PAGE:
I’ve been doing this for the better part of twenty years, and I’ve never seen this kind of pressure and desperation from companies seeking to hire people.
The interesting thing to me is that companies will post a job and if they get enough candidates, good for them. If not, they might go hire a recruiter. There are now more recruiter job openings now than there are software engineering openings. I’m in the recruiting field, so I have a bias, but recruiters can add a lot of value to a company. They can help them bring in great talents and do it quickly, efficiently, at a better cost. So, if your traditional methods aren’t working—your postings, referrals, etc.—you have to look at other ways to get it done. Now, I will say hiring a contract recruiter is not as easy as it sounds. Finding someone who’s available and within the rate that you would want to pay is also very challenging right now. We have a number of our clients who would love to hire more recruiters, but it’s such a candidate market right now which makes it challenging as well.
When we talk about speed, it often feels like businesses prioritize hiring fast over creating a good candidates experience. Why is it still important to think about the experience you create for job seekers even when you’re in a tight spot?
If you look at the demographics of who you’re hiring, especially if we’re talking about frontline workers or younger workers, these job seekers 100% align culture to whether or not they want to work for that organization. And they evaluate that when they’re choosing an employer. Their glimpse into your culture is how you treat them during the hiring process. Are you communicating regularly and getting back to them? Are you providing the right information? Are you transparent? Does your website have the right information? Does it really showcase who you are?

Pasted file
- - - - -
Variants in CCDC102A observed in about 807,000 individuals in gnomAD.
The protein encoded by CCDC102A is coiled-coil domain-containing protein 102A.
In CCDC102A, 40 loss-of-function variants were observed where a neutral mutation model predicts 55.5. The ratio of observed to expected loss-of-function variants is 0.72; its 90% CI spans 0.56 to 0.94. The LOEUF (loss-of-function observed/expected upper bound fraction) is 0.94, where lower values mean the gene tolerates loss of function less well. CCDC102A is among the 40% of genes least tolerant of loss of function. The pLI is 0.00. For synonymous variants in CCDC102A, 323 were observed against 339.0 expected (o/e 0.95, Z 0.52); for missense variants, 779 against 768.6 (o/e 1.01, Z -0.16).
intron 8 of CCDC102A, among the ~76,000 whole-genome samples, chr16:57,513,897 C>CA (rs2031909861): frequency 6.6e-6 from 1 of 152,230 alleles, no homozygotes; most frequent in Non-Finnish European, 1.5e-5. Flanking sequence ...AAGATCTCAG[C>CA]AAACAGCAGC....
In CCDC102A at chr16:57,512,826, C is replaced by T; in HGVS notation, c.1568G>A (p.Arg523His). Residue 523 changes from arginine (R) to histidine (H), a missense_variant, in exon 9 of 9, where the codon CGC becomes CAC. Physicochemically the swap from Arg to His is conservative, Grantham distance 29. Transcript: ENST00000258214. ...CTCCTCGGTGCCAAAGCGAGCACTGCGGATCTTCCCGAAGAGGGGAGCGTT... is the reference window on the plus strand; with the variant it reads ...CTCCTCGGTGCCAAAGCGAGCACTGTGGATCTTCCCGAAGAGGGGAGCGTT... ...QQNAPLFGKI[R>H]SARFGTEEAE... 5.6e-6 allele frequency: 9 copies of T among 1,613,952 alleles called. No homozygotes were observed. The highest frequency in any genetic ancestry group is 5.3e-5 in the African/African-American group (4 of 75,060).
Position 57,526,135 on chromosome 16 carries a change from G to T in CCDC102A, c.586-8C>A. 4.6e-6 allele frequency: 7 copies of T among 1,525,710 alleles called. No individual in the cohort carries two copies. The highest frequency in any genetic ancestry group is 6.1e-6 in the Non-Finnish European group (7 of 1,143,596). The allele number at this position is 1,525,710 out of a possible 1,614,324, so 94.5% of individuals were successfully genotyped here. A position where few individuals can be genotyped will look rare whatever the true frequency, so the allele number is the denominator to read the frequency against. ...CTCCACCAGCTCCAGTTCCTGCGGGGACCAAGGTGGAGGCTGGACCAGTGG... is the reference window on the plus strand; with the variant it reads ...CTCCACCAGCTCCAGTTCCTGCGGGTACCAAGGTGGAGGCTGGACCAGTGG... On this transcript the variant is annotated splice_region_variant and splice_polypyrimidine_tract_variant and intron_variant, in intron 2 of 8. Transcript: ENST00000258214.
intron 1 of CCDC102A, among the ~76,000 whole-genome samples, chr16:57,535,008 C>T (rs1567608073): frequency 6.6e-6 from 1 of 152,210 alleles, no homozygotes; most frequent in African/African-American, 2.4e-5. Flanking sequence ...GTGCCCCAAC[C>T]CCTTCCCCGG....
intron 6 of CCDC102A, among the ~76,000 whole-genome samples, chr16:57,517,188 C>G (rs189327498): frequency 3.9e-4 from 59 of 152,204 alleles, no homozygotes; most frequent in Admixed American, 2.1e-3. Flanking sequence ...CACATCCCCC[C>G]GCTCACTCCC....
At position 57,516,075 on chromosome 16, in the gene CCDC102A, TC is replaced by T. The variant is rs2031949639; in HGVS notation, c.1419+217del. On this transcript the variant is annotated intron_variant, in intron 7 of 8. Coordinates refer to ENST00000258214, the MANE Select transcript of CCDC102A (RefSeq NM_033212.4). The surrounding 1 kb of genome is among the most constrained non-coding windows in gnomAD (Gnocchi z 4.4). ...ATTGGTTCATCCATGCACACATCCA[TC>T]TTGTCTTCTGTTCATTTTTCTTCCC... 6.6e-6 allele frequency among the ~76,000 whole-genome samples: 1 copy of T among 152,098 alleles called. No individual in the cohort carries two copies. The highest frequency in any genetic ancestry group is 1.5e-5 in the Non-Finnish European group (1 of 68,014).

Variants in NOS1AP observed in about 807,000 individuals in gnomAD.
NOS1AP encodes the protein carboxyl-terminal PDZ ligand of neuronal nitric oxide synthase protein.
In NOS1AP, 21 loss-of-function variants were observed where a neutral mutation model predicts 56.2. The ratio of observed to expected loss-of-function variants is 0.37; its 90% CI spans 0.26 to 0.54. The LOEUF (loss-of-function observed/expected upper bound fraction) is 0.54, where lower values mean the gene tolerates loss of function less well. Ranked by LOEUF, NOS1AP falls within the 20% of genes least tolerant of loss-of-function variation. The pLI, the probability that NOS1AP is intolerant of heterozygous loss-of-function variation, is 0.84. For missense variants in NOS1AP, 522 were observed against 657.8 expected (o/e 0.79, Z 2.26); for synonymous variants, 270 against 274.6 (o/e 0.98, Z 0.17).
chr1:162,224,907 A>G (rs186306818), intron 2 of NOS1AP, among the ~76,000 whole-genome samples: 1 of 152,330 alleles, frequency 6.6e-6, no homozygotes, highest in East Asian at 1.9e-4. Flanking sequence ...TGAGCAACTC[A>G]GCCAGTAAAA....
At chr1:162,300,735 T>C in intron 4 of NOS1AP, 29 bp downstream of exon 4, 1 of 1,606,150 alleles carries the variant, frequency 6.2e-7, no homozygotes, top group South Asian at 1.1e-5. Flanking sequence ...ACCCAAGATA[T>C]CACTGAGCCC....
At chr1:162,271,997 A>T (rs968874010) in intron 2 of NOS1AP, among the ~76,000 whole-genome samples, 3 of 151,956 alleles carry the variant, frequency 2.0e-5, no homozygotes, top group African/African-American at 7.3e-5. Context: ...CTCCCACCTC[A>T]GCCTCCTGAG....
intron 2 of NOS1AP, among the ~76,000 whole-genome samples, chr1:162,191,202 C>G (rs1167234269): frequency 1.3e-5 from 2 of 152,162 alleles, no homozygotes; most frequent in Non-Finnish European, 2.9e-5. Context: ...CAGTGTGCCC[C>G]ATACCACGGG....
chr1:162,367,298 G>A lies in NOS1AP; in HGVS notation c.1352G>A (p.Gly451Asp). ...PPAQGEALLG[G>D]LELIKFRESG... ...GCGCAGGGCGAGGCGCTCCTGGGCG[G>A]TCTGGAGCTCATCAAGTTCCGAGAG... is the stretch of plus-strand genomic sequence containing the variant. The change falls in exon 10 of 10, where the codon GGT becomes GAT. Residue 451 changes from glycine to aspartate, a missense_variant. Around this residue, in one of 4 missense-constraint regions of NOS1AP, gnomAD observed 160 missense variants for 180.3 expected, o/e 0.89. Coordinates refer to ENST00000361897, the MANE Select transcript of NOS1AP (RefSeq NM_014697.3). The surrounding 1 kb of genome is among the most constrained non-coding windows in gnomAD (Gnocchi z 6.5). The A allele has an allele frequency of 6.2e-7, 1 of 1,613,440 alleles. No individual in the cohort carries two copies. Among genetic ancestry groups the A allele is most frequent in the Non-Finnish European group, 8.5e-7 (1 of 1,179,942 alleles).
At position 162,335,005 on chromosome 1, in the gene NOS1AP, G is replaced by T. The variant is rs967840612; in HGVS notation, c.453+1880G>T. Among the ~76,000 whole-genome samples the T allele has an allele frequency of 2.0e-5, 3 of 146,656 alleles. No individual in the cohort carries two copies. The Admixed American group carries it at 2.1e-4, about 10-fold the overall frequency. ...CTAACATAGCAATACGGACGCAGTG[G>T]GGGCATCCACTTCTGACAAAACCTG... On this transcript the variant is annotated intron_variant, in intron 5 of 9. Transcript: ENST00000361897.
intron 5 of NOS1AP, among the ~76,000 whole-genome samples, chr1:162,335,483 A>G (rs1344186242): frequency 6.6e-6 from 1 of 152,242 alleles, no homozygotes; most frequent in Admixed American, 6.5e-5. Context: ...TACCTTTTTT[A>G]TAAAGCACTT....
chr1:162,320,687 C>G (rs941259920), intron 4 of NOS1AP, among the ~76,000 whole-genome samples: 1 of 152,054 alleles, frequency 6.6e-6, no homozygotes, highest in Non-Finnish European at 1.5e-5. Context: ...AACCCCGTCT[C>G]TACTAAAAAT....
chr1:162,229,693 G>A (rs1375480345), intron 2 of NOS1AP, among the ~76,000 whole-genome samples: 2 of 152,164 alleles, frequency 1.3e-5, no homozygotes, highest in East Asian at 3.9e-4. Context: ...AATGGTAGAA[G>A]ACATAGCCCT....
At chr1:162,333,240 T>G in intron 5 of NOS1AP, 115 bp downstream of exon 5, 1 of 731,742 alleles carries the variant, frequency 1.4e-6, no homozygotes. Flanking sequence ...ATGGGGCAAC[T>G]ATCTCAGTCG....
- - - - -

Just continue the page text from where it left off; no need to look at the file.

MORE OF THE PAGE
I think it goes without saying that in a tight labor market, the candidate experience becomes incrementally more important than what it would in an employer-driven market. It’s always important, but today, every candidate is gold, and you don’t want to lose someone. We hear it all the time that candidates choose one company over another 100%, based on how they were treated in the process. That’s also where technology can be such a differentiator for you. You can set it up to give frequent updates to show you’re being responsive to the candidate. The candidate experience is really more important than ever.
Is it fair to say then that technology allows smaller businesses to compete with bigger companies?
Absolutely. Technology levels the playing field. In the past, larger companies had such a strong advantage because of their brand—people knew about them. But today, smaller companies have the same opportunity to be able to promote their brand through platforms like JazzHR and Jobvite. Also, you have the ability to treat candidates as well—if not better—than your competition based on how you use the technology and the perspective that you have on the candidate.
What’s next for NXTThing RPO?
Number one, we want to keep growing. The market is incredibly vibrant right now, and the opportunities are a match. We want to make sure that we’re getting our fair share of those opportunities.
What I really think can differentiate us in the future is our ability to bring technology to our clients and to be able to leverage that technology. If you look at JazzHR or Jobvite, for example, those are world-class technologies. But then, having a service provider like NXTThing RPO who can take that technology and get the most out of that tool for you—that’s something that really doesn’t exist in the marketplace.
It also allows us then to participate in steps that are further down in the process like onboarding rather than just stopping at the point of offer. It’s absolutely a market differentiator for NXTThing because none of the other RPOs has a fully embedded suite of technology to bring to clients right now. We’re working to maximize that in every way we possibly can.